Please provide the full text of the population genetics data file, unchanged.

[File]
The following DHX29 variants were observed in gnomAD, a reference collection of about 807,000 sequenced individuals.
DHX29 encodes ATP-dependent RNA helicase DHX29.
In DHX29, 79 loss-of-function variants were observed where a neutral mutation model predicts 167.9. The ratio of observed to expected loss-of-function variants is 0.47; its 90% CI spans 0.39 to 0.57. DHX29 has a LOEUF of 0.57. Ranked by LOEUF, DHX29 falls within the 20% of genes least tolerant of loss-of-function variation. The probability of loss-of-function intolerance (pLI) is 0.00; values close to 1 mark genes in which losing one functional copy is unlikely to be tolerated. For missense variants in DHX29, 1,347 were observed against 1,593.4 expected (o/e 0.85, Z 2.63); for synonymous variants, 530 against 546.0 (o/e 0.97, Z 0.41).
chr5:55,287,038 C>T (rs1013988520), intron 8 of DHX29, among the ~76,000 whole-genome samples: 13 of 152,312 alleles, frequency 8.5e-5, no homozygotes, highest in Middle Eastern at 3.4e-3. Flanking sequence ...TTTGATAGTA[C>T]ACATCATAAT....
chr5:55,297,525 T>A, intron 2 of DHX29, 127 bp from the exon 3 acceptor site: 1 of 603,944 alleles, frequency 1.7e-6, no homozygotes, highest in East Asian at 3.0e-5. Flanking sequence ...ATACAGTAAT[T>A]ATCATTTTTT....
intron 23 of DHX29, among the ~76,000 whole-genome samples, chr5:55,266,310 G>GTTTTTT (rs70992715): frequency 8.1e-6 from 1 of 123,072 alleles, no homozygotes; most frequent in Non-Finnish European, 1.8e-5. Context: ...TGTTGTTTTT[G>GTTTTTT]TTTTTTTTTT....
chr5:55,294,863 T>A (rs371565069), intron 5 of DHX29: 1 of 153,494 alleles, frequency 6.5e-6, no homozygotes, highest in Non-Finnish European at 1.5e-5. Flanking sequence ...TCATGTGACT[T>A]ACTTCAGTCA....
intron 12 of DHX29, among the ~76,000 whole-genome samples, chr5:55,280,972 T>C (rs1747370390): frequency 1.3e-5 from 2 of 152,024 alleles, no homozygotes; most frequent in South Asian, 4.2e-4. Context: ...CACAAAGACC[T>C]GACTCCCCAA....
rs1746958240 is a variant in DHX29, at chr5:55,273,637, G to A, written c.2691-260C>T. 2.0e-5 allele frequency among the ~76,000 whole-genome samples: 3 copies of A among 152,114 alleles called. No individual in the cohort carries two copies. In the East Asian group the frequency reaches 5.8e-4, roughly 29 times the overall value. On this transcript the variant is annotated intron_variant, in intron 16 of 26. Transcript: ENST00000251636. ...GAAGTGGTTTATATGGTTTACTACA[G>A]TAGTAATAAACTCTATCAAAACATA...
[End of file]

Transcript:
The following DHX29 variants were observed in gnomAD, a reference collection of about 807,000 sequenced individuals.
DHX29 encodes ATP-dependent RNA helicase DHX29.
In DHX29, 79 loss-of-function variants were observed where a neutral mutation model predicts 167.9. The ratio of observed to expected loss-of-function variants is 0.47; its 90% CI spans 0.39 to 0.57. DHX29 has a LOEUF of 0.57. Ranked by LOEUF, DHX29 falls within the 20% of genes least tolerant of loss-of-function variation. The probability of loss-of-function intolerance (pLI) is 0.00; values close to 1 mark genes in which losing one functional copy is unlikely to be tolerated. For missense variants in DHX29, 1,347 were observed against 1,593.4 expected (o/e 0.85, Z 2.63); for synonymous variants, 530 against 546.0 (o/e 0.97, Z 0.41).
chr5:55,287,038 C>T (rs1013988520), intron 8 of DHX29, among the ~76,000 whole-genome samples: 13 of 152,312 alleles, frequency 8.5e-5, no homozygotes, highest in Middle Eastern at 3.4e-3. Flanking sequence ...TTTGATAGTA[C>T]ACATCATAAT....
chr5:55,297,525 T>A, intron 2 of DHX29, 127 bp from the exon 3 acceptor site: 1 of 603,944 alleles, frequency 1.7e-6, no homozygotes, highest in East Asian at 3.0e-5. Flanking sequence ...ATACAGTAAT[T>A]ATCATTTTTT....
intron 23 of DHX29, among the ~76,000 whole-genome samples, chr5:55,266,310 G>GTTTTTT (rs70992715): frequency 8.1e-6 from 1 of 123,072 alleles, no homozygotes; most frequent in Non-Finnish European, 1.8e-5. Context: ...TGTTGTTTTT[G>GTTTTTT]TTTTTTTTTT....
chr5:55,294,863 T>A (rs371565069), intron 5 of DHX29: 1 of 153,494 alleles, frequency 6.5e-6, no homozygotes, highest in Non-Finnish European at 1.5e-5. Flanking sequence ...TCATGTGACT[T>A]ACTTCAGTCA....
intron 12 of DHX29, among the ~76,000 whole-genome samples, chr5:55,280,972 T>C (rs1747370390): frequency 1.3e-5 from 2 of 152,024 alleles, no homozygotes; most frequent in South Asian, 4.2e-4. Context: ...CACAAAGACC[T>C]GACTCCCCAA....
rs1746958240 is a variant in DHX29, at chr5:55,273,637, G to A, written c.2691-260C>T. 2.0e-5 allele frequency among the ~76,000 whole-genome samples: 3 copies of A among 152,114 alleles called. No individual in the cohort carries two copies. In the East Asian group the frequency reaches 5.8e-4, roughly 29 times the overall value. On this transcript the variant is annotated intron_variant, in intron 16 of 26. Transcript: ENST00000251636. ...GAAGTGGTTTATATGGTTTACTACA[G>A]TAGTAATAAACTCTATCAAAACATA...